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First Lady, Dr. Biden Honor Military Spouses at White House

By Lisa Daniel
American Forces Press Service

WASHINGTON, May 6, 2011 – First Lady Michelle Obama and Dr. Jill Biden, wife of Vice President Joe Biden, paid an emotional tribute to military spouses and their children at the White House today.

Obama fought back tears as she described the sacrifices of military spouses and their children who gathered in the White House’s East Room for a Mother’s Day tea: the frequent moves, the new schools, juggling the needs of young children and elderly parents, all while worrying about their spouse, or child, deployed to a war zone.

“We love you all,” the first lady said. “We really, really do. And that’s because over the last two years, as Jill said, we have been inspired by all of you in so many ways. Spending time with our men and women in uniform and their families has been the highlight of our work in these roles.

“We’ve been moved by your strength and your spirit, by your courage and, more importantly, by your sacrifice,” she added. “You have opened my eyes to what being part of a military family is truly all about. You’ve shown me what it takes for one parent to do the job of two – juggling the carpools and the soccer practices on top of many of you handling the work of a full-time job and all the rest that goes into running a household; caring for a loved one who’s been injured, or mourning a spouse or a child who never made it home.”

The first lady also paid tribute to military children. “You’ve shown us what it takes to be a military child, many of you – changing and leaving friends behind every few years, trying to keep up with homework and activities, and trying to lead the life of a normal kid while worrying about a parent or a sibling who is in harm’s way.”

Obama said “Americans everywhere stood in awe” of the special operations forces that killed al-Qaida leader Osama bin Laden in a daring nighttime raid in Pakistan on May 1. “It was also a moment for all of us to remember that everyone who serves is able to do so because of the love and support of their families.”

It is because of the support and sacrifices of military families, Obama said, that she and Biden last month started the Joining Forces campaign to rally and connect Americans to supporting military families.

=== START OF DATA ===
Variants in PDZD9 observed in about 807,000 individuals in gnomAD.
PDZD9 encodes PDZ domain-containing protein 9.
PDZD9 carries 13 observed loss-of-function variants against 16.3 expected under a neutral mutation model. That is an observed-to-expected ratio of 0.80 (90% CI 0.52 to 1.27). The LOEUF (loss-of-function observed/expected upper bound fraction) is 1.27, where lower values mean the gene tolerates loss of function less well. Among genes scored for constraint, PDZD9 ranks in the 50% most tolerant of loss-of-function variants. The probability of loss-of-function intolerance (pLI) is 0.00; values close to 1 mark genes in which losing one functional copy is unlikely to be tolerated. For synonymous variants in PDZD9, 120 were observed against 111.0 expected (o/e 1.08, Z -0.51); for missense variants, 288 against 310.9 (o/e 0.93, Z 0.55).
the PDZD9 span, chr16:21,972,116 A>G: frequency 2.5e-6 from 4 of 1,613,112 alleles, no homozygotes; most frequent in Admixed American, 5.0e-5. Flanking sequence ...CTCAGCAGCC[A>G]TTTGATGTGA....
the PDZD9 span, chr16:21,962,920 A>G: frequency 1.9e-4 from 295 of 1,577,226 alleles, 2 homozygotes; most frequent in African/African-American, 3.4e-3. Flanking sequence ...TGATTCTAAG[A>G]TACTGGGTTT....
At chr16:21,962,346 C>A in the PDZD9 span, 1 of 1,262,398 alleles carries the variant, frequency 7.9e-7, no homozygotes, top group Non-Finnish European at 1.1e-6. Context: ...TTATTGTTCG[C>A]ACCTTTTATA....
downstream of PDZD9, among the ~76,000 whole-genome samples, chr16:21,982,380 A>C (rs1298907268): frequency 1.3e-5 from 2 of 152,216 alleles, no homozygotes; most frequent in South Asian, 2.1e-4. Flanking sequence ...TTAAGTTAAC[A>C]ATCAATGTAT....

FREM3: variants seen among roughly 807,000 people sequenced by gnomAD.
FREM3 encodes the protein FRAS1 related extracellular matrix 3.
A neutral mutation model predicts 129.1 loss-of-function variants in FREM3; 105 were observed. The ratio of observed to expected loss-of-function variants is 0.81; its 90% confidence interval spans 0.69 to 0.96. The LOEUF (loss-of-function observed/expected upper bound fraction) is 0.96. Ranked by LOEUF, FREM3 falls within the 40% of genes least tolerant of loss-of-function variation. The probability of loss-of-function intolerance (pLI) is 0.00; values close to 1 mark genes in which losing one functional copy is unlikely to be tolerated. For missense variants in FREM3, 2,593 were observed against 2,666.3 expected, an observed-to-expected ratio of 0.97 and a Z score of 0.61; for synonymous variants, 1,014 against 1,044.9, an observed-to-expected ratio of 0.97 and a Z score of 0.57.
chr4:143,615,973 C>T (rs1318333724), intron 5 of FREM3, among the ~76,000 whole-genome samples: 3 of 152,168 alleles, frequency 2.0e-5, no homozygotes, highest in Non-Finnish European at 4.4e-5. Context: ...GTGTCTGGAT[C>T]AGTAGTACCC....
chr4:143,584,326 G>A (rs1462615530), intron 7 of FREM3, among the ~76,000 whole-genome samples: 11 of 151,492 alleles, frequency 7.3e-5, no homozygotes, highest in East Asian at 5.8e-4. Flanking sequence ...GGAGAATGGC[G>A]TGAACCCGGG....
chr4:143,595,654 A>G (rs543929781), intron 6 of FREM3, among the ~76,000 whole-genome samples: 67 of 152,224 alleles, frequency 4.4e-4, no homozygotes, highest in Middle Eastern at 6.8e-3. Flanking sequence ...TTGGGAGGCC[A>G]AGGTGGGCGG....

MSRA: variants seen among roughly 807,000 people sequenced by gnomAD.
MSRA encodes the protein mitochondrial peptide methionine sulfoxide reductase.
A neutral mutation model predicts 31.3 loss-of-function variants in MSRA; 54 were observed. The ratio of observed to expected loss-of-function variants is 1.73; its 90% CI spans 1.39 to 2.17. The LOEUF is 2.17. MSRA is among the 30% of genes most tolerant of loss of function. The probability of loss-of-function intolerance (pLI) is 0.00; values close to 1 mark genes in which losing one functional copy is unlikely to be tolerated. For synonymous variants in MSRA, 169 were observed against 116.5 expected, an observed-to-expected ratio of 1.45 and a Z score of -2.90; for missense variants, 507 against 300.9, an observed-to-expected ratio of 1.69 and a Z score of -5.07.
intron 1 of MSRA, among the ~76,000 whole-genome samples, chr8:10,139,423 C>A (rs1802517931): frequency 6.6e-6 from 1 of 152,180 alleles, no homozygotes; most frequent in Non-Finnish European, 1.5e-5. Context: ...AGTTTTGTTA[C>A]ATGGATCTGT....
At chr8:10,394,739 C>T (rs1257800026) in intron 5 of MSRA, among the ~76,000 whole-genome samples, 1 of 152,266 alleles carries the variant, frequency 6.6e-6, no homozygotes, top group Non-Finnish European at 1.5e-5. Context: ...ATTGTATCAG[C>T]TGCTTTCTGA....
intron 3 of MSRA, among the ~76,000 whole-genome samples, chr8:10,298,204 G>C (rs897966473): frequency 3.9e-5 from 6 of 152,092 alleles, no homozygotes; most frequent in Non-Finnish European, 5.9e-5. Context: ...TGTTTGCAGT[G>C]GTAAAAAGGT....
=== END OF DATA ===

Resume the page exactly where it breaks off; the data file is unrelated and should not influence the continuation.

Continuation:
“You here today, and all the women we have met in our travels, are doing your part,” Biden said. “The government is working hard to do its part. And each American also has the ability to make a difference in the life of a military family. That’s what Joining Forces is all about.”

It was the heroic actions of special operations and intelligence forces in Pakistan on May 1 that reminded Americans “of the extraordinary courage that our military service members and their families demonstrate on a daily basis,” she said.

Biden told the audience she waited up late that night for her husband who spent the day at the White House with the administration’s national security team receiving real-time briefings of the unfolding special operations mission that killed al-Qaida leader Osama bin Laden.

Well after President Barack Obama’s 11 p.m. announcement on national television, Biden, sitting outside the vice president’s residence at the Naval Observatory could hear crowds of people who had gathered outside the White House and were singing God Bless America.

“It was such a great feeling,” she said. “We and the entire nation are so proud of all of you.”

“You are the heroes,” Biden said. “From the moms who keep their families together while your loved ones are serving overseas, to the grandparents who step in with much needed support, to the siblings and children who are strong and brave while Mom or Dad is away."

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Related Sites:
Special Report: Joining Forces


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The opinions expressed in the following comments do not necessarily reflect those of the U.S. Department of Defense.

7/27/2011 10:57:04 AM
hello i am a military spouse of over 24 years and we have been stationed around the world, our world have come falling down on us because we have endured a hardship while being here at charleston air force base. My son, Isaiah Washington was assaulted his sixth grade year first year of middle school and he has not been back to school yet. He was diagnosed with PTSD and it has stopped him from enjoying everything. I have homeschooled him every since this incident a year ago.
- leisha washington, Summerville South Carolina

5/9/2011 1:46:36 PM
Active Duty service members and their families have had a rough time over the last 10 years. As a Reservist I have deployed twice to Iraq, so I understand what they are going through. There should be similar recognition for the hardships faced by Reserve and Guard soldiers families. Our families face many different challenges and hardships than their Active Duty counterparts. While some may consider us part time soldiers we have shouldered much of the burden in Iraq and Afghanistan. Therefore all military families should be recognized.
- Ken Stevenson, Arizona

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